Those 20 miles were quite moving for me.  We spent a lot of time discussing everything.  First we assessed the course and joked that we weren't sure where that 800 meter hill was that sounded so terrible... but we found it in the second half of the race.  If anyone has ever run miles and miles with another person, you know how cathartic this is.  What ever is on your mind spills out your mouth.  I learned so much about Joe and told him so much about me.  But mostly, I was in awe at his running ability.  I truly did not expect him to be able to endure like he did.  This was a spur of the moment decision for him.

]As we got close to 20 miles at about a 8:20-8:30 pace, for our first walk break, Joe did say he was looking forward to a small reprieve.  However after one short break, Joe was back running 8 or under.  I stuck with him for a little bit, but  I told him that I was running as fast as I could tolerate.  I knew if I pushed for faster now, I could do it for some time, but there would be a good change I would DNF. I told him to go do his thing.  Within a few minutes, Joe pulled ahead. I was proud of him.  Joe had reminded me that he only recently left the Army where he did a lot of running and he runs as much as he can.  He never logs his running, but he trains a lot.  So as he pulled ahead I was just hoping he would hold on for the next 4 laps.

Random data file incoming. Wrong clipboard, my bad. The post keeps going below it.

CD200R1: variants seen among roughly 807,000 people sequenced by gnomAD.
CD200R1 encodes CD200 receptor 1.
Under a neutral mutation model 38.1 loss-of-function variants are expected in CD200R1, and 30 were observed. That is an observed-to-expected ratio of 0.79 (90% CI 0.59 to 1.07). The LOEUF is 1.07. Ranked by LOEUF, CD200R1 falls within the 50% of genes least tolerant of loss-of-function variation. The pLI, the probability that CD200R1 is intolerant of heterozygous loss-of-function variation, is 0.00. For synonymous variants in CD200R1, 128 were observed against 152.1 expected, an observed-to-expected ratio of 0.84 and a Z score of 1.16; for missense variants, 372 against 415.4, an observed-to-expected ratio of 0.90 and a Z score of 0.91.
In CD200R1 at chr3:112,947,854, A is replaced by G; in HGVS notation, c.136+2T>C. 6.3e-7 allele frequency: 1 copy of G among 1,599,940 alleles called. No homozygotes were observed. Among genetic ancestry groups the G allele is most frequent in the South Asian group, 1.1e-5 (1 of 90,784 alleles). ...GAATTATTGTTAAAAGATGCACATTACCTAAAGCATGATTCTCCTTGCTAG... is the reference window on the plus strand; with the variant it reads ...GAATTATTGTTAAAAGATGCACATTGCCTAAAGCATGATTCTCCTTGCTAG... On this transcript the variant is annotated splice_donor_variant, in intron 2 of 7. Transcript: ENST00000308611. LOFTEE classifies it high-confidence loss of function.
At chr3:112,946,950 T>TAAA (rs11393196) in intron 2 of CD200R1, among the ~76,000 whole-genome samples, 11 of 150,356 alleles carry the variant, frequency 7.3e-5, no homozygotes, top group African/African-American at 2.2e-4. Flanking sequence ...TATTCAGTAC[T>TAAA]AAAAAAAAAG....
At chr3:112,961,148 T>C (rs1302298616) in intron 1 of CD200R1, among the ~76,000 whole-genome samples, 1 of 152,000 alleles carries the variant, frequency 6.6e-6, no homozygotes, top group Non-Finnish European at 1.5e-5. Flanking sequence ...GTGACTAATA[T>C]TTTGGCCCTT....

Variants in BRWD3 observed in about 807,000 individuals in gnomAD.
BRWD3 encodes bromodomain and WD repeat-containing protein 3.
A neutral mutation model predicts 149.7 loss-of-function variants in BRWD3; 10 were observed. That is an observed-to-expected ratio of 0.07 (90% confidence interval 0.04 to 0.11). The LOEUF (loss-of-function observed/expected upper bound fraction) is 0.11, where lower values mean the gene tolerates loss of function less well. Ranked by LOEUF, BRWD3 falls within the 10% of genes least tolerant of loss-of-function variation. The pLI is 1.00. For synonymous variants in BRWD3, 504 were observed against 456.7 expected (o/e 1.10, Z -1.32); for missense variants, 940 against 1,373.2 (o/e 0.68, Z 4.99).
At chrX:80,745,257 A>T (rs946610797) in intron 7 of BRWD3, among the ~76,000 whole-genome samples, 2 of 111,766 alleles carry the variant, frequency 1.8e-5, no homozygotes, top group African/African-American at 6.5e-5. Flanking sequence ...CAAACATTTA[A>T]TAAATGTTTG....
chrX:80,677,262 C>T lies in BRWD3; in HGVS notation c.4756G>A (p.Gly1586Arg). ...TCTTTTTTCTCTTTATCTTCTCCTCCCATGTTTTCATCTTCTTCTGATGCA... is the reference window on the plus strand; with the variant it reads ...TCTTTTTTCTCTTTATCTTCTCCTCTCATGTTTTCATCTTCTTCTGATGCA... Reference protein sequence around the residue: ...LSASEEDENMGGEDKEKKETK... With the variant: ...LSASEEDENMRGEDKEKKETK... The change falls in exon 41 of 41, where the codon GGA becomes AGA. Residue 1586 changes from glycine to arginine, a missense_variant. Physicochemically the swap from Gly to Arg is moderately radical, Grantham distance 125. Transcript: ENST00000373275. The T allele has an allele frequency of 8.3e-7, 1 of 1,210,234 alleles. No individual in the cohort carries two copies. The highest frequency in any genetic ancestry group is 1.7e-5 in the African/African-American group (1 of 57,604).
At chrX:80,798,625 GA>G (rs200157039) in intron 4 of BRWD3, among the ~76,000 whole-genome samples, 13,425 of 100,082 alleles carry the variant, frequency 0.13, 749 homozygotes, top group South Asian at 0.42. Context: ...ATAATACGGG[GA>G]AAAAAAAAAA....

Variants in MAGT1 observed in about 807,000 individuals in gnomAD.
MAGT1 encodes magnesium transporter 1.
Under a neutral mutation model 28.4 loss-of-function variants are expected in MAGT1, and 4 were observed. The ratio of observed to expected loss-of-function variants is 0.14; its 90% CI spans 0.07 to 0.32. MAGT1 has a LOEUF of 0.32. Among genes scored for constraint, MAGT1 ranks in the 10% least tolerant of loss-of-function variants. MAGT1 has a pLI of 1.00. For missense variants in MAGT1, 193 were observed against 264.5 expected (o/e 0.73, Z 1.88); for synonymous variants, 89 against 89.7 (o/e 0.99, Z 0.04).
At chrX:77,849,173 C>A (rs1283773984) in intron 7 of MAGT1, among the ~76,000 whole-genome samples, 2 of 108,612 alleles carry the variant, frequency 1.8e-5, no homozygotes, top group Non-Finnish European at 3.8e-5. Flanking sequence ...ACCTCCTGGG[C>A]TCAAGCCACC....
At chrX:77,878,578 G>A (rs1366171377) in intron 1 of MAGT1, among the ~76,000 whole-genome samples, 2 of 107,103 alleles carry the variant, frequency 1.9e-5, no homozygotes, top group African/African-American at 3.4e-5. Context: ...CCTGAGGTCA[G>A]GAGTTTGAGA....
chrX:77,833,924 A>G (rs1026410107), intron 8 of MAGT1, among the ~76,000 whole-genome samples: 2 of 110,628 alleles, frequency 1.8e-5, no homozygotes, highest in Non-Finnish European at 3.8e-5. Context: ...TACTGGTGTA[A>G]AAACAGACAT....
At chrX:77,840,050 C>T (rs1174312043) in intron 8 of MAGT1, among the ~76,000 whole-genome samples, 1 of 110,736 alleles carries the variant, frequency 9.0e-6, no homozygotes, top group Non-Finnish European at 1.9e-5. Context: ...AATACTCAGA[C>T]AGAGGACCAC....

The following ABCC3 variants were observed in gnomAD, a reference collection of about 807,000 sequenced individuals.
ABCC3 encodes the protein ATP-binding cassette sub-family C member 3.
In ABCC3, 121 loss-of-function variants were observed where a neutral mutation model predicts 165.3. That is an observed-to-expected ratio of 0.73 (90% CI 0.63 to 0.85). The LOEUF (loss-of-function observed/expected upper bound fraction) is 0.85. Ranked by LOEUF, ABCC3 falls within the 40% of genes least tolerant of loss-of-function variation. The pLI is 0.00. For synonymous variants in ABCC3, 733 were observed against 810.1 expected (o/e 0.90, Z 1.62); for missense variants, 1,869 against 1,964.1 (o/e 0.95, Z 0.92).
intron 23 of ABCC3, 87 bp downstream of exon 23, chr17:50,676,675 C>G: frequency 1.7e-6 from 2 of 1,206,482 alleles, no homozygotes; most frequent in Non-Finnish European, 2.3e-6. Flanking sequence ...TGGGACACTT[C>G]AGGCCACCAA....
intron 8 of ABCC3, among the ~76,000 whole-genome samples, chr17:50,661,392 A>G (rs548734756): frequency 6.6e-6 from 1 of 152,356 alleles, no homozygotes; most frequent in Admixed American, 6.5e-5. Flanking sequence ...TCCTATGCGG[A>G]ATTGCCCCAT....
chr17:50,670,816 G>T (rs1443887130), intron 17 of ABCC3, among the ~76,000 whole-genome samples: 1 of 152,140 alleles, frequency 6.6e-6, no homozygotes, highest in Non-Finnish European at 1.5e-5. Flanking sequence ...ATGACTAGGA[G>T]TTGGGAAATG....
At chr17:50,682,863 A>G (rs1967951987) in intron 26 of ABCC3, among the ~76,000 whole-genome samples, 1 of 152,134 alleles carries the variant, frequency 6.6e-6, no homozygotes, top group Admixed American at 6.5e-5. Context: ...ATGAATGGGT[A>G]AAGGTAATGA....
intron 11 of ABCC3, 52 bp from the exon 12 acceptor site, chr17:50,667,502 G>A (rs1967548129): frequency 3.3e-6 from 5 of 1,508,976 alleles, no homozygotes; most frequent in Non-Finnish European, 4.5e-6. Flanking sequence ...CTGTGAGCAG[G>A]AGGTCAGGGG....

By 24 miles in, we passed Andrew.  He was working hard and said he wasn't sure if he was making it the whole way.  I had suspected he could do 20 today.  I was surprised he looked as good as he did when I passed him.  Andrew only started running with me in May.  Unlike Joe, Andrew wasn't a already a runner.  He was fit from lifting but he had a lot of shin pain from the very beginning.  In May, I wasn't sure if he was going to be ready for a 5k by late June... but he did it and stuck with training.  By Sept he ran an entire half marathon.  Last week he raced a 10k at a faster pace than his 5k and now he was at 20 miles in an ultra in NYC and still going!  I wanted Andrew to come to the race more to deal with the city than to complete the ultra.  I wanted him to "experience" an ultra, to learn what it is about, and to run his furthest ever even if that mean stopping before 37 miles.  He told me Joe was just ahead.  I told him I was proud of him and I left to see if I could make some ground on Joe.